The Language Teacher. Vol. 22. No. 8. August 1998. (pp. 45-47)
Internet Multimedia Resources
Tim Newfields & Randall S. Davis
for Language Classrooms
The Internet is revolutionizing the way people not only watch videos, but create
them. The integration of video, television, and computer technologies
is well underway and many multimedia resources are now available on the Internet.
This article outlines some of those resources which are useful for foreign
Accessing Movie Resources
Multimedia resources available on the Internet comprise everything short
of full-length feature movies. Are you looking for a review or summary
of a popular movie? The Movie Critic Homepage or Gene's Movie Reviews probably have
what you want. The Internet Movie Database is
also a must-visit site for comprehensive information on thousands of
movies. Would you like to read a film script? Over 4,000 scripts can be
order online from the Script Store. Drop by the Scripts OnScreen
or Drew's Script-O-Rama, where you can find hundreds of scripts
online. Are you searching for sound and video clips from recent
blockbusters? The Movie Sounds Page or Movie and TV Video Clips Homepage are two excellent
resources. If your interest is more in educational films, we recommend
Thinking Allowed, the Media Channel, Social Studies School Service, and
Schoolhouse Videos & More. A large number of educational videos can
be found at The Reel, one of the most extensive online video stores.
Internet TV and Radio Resources
Anyone with hi-speed Internet access can download audio or video broadcasts, and in ways consistent with fair use policies, use them for class.
CNN Interactive updates contain clips from recent new stories. You can also watch
BBC television news bulletins three times a day using the RealVideo player. In addition, American National Public Radio broadcasts and
RealAudio & RealVideo Guide contain links to a whole kaleidoscope of radio and TV news broadcasts. To play a sound or video clips on your Web browser, you'll probably need to download special third party software plugs such as
ShockWave, RealAudio, or QuickTime. A list of common Netscape software plug in extensions is available online and the most common
MS Explorer extensions can be found online too. The book
How to Play Sound and Video Files on Your Computer also explains plug ins thoroughly.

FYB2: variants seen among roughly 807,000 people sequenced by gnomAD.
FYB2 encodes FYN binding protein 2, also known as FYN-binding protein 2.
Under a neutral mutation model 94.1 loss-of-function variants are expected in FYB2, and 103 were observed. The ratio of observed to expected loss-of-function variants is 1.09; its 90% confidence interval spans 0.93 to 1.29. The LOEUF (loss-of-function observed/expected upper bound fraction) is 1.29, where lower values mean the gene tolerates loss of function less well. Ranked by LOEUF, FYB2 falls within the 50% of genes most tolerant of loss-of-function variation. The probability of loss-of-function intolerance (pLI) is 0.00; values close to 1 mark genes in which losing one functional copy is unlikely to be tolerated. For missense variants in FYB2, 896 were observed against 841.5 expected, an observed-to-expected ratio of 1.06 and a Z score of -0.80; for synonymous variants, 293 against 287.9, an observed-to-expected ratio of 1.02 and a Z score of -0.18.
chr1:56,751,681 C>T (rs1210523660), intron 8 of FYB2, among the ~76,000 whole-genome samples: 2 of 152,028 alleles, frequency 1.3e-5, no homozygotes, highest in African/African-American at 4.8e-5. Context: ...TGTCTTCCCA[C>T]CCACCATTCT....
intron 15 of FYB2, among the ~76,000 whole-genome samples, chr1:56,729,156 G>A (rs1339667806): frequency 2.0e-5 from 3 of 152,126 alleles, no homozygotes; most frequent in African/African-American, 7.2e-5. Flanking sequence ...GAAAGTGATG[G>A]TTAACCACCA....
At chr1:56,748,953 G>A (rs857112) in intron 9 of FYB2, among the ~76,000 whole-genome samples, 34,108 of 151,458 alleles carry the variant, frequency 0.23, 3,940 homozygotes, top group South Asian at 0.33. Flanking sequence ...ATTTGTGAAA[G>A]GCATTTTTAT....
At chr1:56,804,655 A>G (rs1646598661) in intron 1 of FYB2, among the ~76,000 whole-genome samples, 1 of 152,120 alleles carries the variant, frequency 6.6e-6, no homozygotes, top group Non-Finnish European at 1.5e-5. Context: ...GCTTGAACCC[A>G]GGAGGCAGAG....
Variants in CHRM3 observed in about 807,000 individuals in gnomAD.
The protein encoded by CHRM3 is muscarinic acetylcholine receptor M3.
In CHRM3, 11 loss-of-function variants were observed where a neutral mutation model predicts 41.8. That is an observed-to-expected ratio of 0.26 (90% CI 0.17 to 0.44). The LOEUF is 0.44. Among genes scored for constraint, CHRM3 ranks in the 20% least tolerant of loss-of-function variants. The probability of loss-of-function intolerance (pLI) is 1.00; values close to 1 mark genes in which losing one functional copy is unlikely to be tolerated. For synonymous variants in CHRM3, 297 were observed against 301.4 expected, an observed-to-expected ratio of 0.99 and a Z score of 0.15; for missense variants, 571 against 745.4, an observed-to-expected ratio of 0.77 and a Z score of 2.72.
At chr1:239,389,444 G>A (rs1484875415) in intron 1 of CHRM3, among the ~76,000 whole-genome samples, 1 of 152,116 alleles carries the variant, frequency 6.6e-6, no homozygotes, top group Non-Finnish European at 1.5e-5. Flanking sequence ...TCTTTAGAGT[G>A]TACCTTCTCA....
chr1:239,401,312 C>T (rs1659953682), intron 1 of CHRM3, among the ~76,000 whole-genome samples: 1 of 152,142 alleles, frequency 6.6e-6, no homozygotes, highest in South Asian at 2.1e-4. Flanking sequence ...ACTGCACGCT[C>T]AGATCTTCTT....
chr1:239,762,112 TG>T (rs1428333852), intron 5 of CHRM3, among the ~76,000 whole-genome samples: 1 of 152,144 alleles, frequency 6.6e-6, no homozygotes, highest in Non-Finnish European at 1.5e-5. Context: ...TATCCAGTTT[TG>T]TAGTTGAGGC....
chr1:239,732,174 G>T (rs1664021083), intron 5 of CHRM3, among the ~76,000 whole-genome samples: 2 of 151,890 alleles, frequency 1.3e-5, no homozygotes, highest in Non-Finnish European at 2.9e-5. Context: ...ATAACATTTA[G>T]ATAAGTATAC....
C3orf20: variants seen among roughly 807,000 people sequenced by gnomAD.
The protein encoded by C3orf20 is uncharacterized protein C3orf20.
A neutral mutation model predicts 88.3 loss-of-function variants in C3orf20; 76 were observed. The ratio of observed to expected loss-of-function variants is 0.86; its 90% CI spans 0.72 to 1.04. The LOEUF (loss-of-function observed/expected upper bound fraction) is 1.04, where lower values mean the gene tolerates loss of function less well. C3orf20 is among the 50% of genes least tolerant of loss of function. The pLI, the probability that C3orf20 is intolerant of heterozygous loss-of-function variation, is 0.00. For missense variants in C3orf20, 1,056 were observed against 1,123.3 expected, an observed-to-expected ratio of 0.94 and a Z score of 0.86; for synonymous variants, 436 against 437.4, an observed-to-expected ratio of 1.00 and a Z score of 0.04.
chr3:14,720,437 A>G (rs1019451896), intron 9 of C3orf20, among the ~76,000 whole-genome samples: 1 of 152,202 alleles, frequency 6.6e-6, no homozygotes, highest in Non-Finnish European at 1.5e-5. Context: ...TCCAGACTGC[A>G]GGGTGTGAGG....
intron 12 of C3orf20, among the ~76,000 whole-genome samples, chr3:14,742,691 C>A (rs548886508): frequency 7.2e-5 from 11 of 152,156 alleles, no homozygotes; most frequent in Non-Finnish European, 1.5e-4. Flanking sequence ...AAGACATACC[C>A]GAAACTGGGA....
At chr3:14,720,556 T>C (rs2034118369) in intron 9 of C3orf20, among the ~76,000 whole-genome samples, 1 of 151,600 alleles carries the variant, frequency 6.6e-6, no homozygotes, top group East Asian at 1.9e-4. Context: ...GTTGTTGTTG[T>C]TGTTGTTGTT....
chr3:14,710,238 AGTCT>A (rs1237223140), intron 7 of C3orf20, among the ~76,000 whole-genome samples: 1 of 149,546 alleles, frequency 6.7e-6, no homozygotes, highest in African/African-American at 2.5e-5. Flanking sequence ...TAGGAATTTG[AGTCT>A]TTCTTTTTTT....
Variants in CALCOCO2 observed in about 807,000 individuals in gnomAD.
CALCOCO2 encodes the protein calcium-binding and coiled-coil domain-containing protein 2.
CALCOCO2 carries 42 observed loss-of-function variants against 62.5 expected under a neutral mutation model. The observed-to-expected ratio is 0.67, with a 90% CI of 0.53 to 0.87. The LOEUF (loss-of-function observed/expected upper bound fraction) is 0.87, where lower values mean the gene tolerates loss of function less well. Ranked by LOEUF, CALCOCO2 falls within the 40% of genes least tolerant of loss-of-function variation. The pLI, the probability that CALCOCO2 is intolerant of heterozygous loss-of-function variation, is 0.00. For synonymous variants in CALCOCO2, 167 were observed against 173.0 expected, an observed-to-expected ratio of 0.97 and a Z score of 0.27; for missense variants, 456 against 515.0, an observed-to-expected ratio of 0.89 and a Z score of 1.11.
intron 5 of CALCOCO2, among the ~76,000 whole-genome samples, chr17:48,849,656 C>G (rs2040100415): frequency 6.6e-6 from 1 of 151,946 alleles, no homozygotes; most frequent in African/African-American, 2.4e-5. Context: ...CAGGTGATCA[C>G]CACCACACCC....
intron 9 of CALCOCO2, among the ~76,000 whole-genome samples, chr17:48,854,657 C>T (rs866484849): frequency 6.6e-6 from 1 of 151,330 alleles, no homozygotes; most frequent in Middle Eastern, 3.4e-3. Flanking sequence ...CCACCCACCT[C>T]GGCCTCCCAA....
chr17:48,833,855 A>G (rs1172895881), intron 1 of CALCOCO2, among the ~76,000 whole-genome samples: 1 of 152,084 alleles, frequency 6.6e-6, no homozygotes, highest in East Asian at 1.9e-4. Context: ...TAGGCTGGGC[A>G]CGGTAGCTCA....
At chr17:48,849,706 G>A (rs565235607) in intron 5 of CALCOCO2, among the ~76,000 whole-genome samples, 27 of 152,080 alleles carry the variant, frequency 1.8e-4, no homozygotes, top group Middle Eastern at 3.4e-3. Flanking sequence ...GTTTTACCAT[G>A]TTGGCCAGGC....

Creating Online Video Resources
There are several advantages to integrating conventional videos can with online resources. The most
salient one is a chance to bring people from diverse physical locations
together into one virtual space via video conferencing. Other uses
include classroom multimedia projects or multimedia language learning
- Video Conferencing:
A simple camcorder (a device halfway between a digital camera and a video recorder) with any
compatible program such as ICQ Meeting Point CU-See-Me or
VideoPhone can take video images of up to 20 frames per second and transit them over the Internet.
Real-time video conferencing offers the spontaneity of a phone conversation and varied levels of privacy.
There are over three hundred different public video "chat channels" on the Internet.
(Those supporting CU-See-Me protocols are called "reflectors.") A list of
public reflectors is available at http://ccwf.cc.utexas.edu/~streak/ref.html
[Expired Link]. For example, the Nesna
College reflector (220.127.116.11[Expired Link]) out Norway is for discussions of
educational research. The Global Schoolhouse reflector (18.104.22.168[Expired Link]
is mostly for classroom-to-classroom educational exchanges. The
University of Tsukuba reflector (22.214.171.124[Expired Link]), permits discussions on
any topic, but nudity or profanity are forbidden. Over one-third of all
public video reflectors are devoted to sexually explicit themes, so
teachers wishing to screen out these sort of conferences had best visit